The Monticello City Council has said goodbye to several employees recently, but will not be saying goodbye to the local deer that have taken up residence in the city.
At the December 12 Council meeting, Councilman Blen Freestone and Councilwoman Cassie Boyle were honored for their service at their last official meeting as council members. The council also received the resignation of public works manager Nathan Langston, who resigned after 10 years working for the city. This comes only a few weeks after the departure of Assistant City Manager Greg Martin.
The council voted to not send a letter to the Division of Wildlife Resources concerning the removal of deer in the city. After a motion by Councilwoman Boyle, and a second by Councilman Walter Bird, to write a letter asking for a depredation hunt, they were the only two to vote in favor of the removal letter. Councilmen Jeremy Hoggard and Brad Randall voted against the letter. In the absence of Councilman Blen Freestone, Mayor Doug Allen broke the tie, voting against the letter of removal, stating that the issue can be addressed by a new council, but he personally did not feel this would solve the problem, as he feels it is bigger than a few deer in town.
During the discussion on the issue, City Manager Trent Schafer reported that he had spoken with local DWR official Guy Wallace, who had concerns over removing deer in town regarding the safety, as the only method is to shoot the animals.
Schafer said they try to kill the deer on the outskirts of town, so they are unsure if that would take care of the deer in the neighborhoods. Boyle told the council that they cannot expect everyone in town to build a compound around their house to deal with the deer problem. She also pointed out that she has been told of deer mating right in town so there is no need for the DWR to worry about them being able to “multiply and replenish,” said Boyle.
Boyle told the council that she likes the deer too, but there can be too many and questioned the DWR, stating “They manage the cattle on the mountain, why can’t they manage the herds of deer?”
Randall said that when everything that surrounds town is more or less a private hunting unit it makes for less hunters in the area around town, and thus more deer coming into town.
Mayor Allen questioned how the increase in the town herd corresponds to the time when hunting changed to “buck only”. Allen said he thinks it is a statewide problem that needs to be dealt with beyond Monticello.
Boyle pointed out that people may think there are more important issues to deal with than deer, but that if people are calling her to complain, then it is her job as a public servant to speak out about it.
“This isn’t two or three people, this is a lot of people,” said Boyle. Councilman Bird said that killing deer on the outskirts of town won’t make a noticeabe change, but he believes that three or four years down the road there will be a huge problem.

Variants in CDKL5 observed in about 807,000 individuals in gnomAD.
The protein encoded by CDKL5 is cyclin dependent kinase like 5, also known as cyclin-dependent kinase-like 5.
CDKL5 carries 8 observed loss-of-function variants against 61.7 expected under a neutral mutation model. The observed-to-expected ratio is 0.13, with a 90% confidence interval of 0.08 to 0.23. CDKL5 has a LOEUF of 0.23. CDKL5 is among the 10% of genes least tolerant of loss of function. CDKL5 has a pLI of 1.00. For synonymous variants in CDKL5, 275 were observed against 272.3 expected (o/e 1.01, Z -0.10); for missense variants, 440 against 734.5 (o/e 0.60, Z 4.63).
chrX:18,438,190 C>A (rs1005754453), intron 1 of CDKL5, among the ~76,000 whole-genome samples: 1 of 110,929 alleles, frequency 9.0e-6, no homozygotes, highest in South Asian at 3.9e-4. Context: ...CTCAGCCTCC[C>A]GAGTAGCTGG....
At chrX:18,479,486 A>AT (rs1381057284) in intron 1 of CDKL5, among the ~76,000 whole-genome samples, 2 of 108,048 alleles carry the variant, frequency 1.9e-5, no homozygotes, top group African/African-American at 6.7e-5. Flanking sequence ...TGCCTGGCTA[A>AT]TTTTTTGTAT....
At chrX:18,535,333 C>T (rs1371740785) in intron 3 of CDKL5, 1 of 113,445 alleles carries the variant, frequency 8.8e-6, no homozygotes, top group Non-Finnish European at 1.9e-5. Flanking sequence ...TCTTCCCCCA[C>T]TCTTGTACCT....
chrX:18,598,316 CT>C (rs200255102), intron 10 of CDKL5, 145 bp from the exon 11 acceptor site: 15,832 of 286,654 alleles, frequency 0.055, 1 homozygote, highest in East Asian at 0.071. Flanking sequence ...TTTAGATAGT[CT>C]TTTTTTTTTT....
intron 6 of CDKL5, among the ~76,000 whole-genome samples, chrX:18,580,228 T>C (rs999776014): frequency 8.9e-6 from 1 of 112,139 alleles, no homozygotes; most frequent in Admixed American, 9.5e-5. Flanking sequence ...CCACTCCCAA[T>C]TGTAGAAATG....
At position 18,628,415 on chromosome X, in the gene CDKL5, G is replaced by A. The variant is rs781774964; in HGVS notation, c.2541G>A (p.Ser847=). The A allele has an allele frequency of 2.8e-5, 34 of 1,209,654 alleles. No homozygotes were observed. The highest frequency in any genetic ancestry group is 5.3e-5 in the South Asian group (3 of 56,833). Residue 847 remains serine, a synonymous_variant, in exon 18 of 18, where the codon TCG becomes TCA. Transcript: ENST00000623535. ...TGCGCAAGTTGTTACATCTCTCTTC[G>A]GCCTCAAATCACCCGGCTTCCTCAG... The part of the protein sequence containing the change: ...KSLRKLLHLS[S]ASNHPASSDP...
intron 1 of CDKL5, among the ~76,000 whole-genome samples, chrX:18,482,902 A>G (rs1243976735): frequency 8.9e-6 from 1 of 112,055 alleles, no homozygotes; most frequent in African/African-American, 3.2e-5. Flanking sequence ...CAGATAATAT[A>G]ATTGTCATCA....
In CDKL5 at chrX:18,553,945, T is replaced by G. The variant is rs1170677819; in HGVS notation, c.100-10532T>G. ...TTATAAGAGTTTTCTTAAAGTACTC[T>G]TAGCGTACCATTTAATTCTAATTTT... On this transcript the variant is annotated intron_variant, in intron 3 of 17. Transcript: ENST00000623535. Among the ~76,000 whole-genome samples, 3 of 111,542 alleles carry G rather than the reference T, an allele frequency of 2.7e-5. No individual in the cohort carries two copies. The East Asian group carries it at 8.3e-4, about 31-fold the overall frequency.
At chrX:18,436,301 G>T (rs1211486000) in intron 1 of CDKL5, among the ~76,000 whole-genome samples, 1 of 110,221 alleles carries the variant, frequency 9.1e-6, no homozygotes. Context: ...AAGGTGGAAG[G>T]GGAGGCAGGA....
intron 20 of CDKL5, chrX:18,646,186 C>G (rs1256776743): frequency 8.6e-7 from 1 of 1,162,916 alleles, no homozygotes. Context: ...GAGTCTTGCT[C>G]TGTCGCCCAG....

Bird said he is concerned because the deer have found out that it is safe in town, and there is enough food to sustain them now, “but there is going to come to a point where they are going to eat themselves out of house and home and you are going to have deer dying in peoples yards in the winter and that’s not going to be a nice sight either.”
The council unanimously passed an ordinance regulating the use of portable storage containers in the city limits. The regulation was specifically meant to address the use of shipping containers and unregistered semi trailers as storage units.
The regulations call for the containers to be painted similarly to the other structures on the property and follow zoning ordinances as far as placement. It also addresses the use of single wide trailers as storage facilities, which will have to be removed by October 1, 2009. Camper shells used for storage are also included in the 2009 removal regulation.
Janet Ross presented the council with an update on the Canyon Country Discovery Center. Ross reports that in May, she talked with potential donors trying to find out if the goal of raising $12.5 million was feasible, and found that $7.5 million was the feasible amount to seek in donations.
Because of this, Ross told the council the size of the proposed building has been reduced to get a more efficient design, and delayed hiring some staff in order to cut back on costs.
The new estimates call for $4.5 million for the 14,000 square foot building and $3 million for the first two years of program operations. Ross says so far they have raised $825,000 in pledges, and are trying to raise money through the state legislature.
The Discovery Center is listed for a $1.3 million appropriation in the proposed buget recently released by the Governor. The final budget will be finalized by the legislature in March.
Ross pointed out that in her estimation, there will be approximately a $1.5 million return annually to the City of Monticello from the project. The indirect benefit, or social return on investment, is harder to calculate, according to Ross, because it is hard to track the value of education.
Using a formula she developed, Ross estimates $9.8 million annually as the social return on the investment. Ross came up with the figure based on costs for local teachers and students to get the value of the classes taught at the Discovery Center if they had to travel elsewhere for a similar science center experience.
Ross also told the council they are still struggling with a location for the center. Originally they were looking at the DOE property on the East side of highway south of town, but were unable to get a commitment, and started looking at private property. Recently, the DOE has told the City the original property is a possibility and the City is trying to get something in writing.
In other business, City Manager Schafer reports the City will interview four applicants for the Assistant City Manager job.